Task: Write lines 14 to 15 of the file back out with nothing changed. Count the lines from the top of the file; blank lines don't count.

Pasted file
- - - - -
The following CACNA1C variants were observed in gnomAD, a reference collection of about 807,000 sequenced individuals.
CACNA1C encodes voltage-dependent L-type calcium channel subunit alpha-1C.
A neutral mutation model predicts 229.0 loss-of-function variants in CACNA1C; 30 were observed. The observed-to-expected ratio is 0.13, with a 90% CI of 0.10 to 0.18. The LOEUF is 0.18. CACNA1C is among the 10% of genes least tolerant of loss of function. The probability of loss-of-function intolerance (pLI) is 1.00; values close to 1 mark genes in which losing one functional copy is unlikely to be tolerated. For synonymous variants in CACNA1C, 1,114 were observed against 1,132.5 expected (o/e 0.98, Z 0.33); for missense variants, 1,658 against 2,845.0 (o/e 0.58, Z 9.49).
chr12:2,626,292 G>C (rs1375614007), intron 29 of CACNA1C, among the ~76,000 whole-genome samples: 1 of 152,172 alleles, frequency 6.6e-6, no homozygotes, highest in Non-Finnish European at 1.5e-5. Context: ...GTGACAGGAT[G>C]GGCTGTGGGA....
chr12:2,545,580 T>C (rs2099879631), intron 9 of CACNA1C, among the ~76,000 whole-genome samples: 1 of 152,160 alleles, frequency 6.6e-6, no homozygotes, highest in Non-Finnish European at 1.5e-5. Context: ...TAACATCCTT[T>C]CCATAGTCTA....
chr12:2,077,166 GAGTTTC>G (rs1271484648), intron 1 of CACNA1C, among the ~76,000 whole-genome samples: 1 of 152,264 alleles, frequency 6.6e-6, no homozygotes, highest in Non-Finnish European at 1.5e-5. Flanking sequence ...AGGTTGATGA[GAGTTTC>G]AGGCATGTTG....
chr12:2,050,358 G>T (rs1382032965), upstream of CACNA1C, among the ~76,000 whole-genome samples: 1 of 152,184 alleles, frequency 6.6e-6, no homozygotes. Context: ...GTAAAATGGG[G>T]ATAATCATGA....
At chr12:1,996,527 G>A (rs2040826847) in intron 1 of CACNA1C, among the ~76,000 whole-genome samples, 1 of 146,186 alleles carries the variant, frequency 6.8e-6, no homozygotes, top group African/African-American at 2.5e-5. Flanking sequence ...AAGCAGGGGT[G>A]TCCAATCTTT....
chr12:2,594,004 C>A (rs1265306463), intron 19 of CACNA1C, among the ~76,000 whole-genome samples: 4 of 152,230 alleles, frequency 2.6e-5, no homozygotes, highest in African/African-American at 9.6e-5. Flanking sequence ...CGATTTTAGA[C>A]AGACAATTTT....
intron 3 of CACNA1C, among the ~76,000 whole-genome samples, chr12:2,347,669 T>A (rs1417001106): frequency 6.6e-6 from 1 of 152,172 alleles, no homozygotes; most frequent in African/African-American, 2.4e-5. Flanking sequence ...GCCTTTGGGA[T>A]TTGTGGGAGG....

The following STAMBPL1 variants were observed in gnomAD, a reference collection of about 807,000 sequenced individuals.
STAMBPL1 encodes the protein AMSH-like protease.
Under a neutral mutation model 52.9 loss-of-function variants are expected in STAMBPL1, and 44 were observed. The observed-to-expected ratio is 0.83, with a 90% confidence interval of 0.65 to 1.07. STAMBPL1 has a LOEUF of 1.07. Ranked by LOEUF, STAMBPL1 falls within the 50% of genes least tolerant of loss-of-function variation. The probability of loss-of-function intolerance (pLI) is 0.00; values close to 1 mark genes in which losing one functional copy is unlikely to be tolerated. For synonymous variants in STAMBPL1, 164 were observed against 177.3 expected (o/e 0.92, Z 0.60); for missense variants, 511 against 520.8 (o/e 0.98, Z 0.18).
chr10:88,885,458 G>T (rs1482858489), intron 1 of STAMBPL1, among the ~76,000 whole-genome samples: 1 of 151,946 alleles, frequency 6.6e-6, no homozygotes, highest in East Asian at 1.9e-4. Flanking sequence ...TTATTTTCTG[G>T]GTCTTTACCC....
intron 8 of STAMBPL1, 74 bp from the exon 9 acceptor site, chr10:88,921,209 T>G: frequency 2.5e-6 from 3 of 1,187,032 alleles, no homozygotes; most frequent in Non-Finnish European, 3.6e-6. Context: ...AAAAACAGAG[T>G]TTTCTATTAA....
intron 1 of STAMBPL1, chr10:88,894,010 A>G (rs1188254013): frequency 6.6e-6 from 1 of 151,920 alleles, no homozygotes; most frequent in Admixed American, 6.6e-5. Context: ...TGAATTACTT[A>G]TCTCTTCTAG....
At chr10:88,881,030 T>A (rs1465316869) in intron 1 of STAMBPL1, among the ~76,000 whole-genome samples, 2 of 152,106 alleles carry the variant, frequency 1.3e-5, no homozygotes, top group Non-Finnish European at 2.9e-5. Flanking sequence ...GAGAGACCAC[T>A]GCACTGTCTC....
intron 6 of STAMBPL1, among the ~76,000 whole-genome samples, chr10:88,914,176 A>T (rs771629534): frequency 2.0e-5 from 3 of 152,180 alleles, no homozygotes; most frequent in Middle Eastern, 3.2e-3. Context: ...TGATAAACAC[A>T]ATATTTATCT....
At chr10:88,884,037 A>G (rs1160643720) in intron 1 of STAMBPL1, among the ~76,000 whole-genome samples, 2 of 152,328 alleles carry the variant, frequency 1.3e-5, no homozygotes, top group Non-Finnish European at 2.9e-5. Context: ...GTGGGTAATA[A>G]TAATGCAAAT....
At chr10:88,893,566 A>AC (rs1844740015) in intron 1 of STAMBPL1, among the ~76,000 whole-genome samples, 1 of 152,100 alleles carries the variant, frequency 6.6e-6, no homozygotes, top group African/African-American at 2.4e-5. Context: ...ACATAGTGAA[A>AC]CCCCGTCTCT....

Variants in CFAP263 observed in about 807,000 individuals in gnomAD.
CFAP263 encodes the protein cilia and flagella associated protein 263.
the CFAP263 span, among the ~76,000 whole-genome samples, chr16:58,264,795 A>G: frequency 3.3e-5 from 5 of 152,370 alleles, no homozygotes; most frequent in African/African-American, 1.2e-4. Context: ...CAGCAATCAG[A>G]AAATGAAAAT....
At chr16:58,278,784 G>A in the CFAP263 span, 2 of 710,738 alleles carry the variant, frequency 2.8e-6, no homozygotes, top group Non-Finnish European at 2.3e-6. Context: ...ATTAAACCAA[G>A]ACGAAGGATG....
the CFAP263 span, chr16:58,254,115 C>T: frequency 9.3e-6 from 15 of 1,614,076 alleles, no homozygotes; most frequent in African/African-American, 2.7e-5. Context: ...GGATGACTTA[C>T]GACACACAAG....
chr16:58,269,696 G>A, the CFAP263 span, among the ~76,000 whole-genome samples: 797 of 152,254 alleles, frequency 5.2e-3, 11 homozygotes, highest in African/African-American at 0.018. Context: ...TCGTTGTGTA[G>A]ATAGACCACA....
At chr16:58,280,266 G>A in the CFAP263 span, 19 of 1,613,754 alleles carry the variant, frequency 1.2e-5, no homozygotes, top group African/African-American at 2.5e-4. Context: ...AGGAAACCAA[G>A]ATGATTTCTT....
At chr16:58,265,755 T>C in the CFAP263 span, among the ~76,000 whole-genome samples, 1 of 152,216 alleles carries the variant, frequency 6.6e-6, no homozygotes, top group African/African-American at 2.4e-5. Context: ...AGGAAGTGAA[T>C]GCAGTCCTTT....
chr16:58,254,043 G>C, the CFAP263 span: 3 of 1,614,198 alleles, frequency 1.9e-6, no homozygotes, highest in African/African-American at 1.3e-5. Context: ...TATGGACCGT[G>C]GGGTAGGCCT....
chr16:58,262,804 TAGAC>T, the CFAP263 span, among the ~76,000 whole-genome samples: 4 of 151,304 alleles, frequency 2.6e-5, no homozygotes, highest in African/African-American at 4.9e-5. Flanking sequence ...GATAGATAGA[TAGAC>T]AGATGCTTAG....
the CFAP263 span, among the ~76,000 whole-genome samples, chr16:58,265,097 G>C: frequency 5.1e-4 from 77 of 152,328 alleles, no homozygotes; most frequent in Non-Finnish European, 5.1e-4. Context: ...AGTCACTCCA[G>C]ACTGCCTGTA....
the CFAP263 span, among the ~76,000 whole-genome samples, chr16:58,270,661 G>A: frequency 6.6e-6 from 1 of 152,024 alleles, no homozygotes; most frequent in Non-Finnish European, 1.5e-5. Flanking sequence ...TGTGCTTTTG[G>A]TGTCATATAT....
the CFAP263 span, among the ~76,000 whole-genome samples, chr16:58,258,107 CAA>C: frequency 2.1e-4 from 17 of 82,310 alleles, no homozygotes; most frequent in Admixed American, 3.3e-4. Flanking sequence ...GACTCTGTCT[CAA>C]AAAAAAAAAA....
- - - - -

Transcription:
chr10:88,885,458 G>T (rs1482858489), intron 1 of STAMBPL1, among the ~76,000 whole-genome samples: 1 of 151,946 alleles, frequency 6.6e-6, no homozygotes, highest in East Asian at 1.9e-4. Flanking sequence ...TTATTTTCTG[G>T]GTCTTTACCC....
intron 8 of STAMBPL1, 74 bp from the exon 9 acceptor site, chr10:88,921,209 T>G: frequency 2.5e-6 from 3 of 1,187,032 alleles, no homozygotes; most frequent in Non-Finnish European, 3.6e-6. Context: ...AAAAACAGAG[T>G]TTTCTATTAA....